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Senate Committee Approves Tougher Abortion Regulations

first_imgJanuary 29, 2018By Emily KettererTheStatehouseFile.comINDIANAPOLIS—Legislation that would that would add more reporting and tracking requirements to Indiana’s abortion regulations passed a Senate committee Wednesday.Among the provisions in the 12 pages of Senate Bill 340 are more inspections of abortion clinics, additions to informed consent forms patients must review and sign, and the reporting of complications to the Indiana Department of Health.Those in opposition to the bill said the regulations are unnecessary while those in support saw them as a contribution to the safety of women.Part of the bill mandates an annual inspection of abortion clinics and requires more information from those applying to open clinics. Sen. Liz Brown, R-Fort Wayne, one of the authors of the bill, said it’s important to know what is happening inside clinics.“There’s that infamous abortion doctor in Philadelphia where women died,” Brown said. “We’d want to know if there’s a physician out there who are killing women because of surgical complications or administering medicine improperly.”Lynne Bunch, the vice president of patient services at Planned Parenthood of Indiana and Kentucky, said the legislation is not about safety and the bill would eliminate the safe access to abortion.“Decades of data also show abortion in the United States is one of the safest procedures in medicine,” Bunch said. “Please do not set up a system whereby the avenue to safe legal abortion is prevented with more hurdles and will eventually eliminate it.”Christina Francis, an anti-abortion OB-GYN from Fort Wayne, said the complications that arise from abortions often go unreported, making informed consent difficult.Christina Francis, an OB-GYN from Fort Wayne, discusses women’s health in favor of Senate Bill 340.Photo by Kirsten NielsenTheStatehouseFile.com“Unfortunately, many abortion providers report a complication rate of zero or nearly zero, but this is only because many of them do not see their own complications,” Francis said. “Many women present themselves to a local emergency room, and their complications are not tied back to their abortions.”Sue Swayze of Indiana Right to Life said they have been working for years to get regulations on reporting complications.SB 340 identifies by name 27 possible complications that the bill says can be linked back to abortions. The bill adds a number of questions that must be asked of patients who show up in the hospital with any of the complications, which must be reported to the health department.Haylee Brannon, who had an abortion, said the list of psychological and physical complications to report is meant to shame women who have had one.Haylee Brannon shares her abortion story and opposition to Senate Bill 340.Photo by Kirsten NielsenTheStatehouseFile.com“I would have reported how mentally and emotionally exhausting it was to jump through so many hoops in order to obtain a procedure I knew I was certain I wanted and I knew was 99 percent safe,” Brannon said. “I would have reported that the only trauma I endured was from pulling into clinic lined with protestors waving posters of dead babies.”Another provision expands informed consent, requiring physicians to tell women of alternatives such as the Safe Haven law. This law allows a person to anonymously surrender an infant to an emergency services establishment without risk of arrest or prosecution.Physicians must also provide all information about the medication before prescribing an abortion-inducing drug, which is more commonly used today.Swayze said the drug regulation is important because it is currently not as regulated and women are four times more likely to experience a complication if they take an abortion-inducing pill.“I don’t want them to not understand the chemical activity that is going to be happening in their body,” Swayze said.The bill passed in a 6-1 vote. Sen. Tim Lanane, D-Anderson, was the only member in opposition to the bill. He said the bill is unconstitutional and takes away the right of women to choose.“This is nothing but big brother state government sticking their nose into an area of a person’s life where they have no business knowing about,” Lanane said.FOOTNOTE: Emily Ketterer is a reporter for TheStatehouseFile.com, a news website powered by Franklin College journalism students. FacebookTwitterCopy LinkEmailSharelast_img read more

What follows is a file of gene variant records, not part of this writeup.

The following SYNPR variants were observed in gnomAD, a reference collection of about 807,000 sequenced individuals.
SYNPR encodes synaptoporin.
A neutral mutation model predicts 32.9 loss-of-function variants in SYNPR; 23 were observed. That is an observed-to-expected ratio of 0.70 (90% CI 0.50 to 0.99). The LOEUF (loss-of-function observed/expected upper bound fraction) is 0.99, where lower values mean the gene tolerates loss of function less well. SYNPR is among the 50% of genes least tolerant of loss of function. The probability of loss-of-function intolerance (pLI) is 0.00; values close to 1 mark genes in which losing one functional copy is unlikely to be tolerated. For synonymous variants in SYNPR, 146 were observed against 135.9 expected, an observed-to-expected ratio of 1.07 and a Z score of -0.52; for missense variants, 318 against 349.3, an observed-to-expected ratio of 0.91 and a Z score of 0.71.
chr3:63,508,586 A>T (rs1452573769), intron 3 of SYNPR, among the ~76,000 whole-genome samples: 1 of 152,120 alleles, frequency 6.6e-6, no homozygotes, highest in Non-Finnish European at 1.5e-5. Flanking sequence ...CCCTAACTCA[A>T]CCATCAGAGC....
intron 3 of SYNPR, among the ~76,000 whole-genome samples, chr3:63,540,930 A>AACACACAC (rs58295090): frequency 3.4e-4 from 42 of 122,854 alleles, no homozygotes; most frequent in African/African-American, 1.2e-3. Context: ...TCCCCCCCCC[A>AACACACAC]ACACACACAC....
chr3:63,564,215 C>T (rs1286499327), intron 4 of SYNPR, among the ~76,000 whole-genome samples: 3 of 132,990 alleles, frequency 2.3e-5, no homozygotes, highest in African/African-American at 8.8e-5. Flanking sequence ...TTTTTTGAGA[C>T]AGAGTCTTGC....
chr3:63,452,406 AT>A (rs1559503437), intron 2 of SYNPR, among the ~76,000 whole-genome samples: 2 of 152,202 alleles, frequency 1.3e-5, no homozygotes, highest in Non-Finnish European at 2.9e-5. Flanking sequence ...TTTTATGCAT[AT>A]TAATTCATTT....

Pennsylvania man is shot, stabbed following an early-morning home invasion

first_imgSkates left the scene and the female victim called 911, they say. Skates was arrested a short time later when troopers located his vehicle on Elk Lake Drive. (WBNG) — Pennsylvania State Police at Honesdale responded to a 911 call on Martin Road in Browndale early Wednesday morning. Police allege that 29-year-old Jesse Lester Skates of Waymart, Pa. entered a residence by breaking a window. They say a female in the house was aowken by the breaking of the window. The male victim was transported to alocal hospital where he remains in intensive care. Despite theseriousness of his injuries, he is expected to survive. When investigating the noise, they say she saw the suspect enter with a rifle and she quickly returned to the bedroom to wake her male companion. Skates is being charged with attemptedhomicide, aggravated assault, burglary, and other charges. He will bearraigned at the Wayne County Courthouse. Skates followed her into the bedroom and after a brief argument, Skates shot a male victim in the face, police said. After a short battle, the rifle was broken and the suspect assaulted the male victim with a pocket knife, slashing his face. last_img read more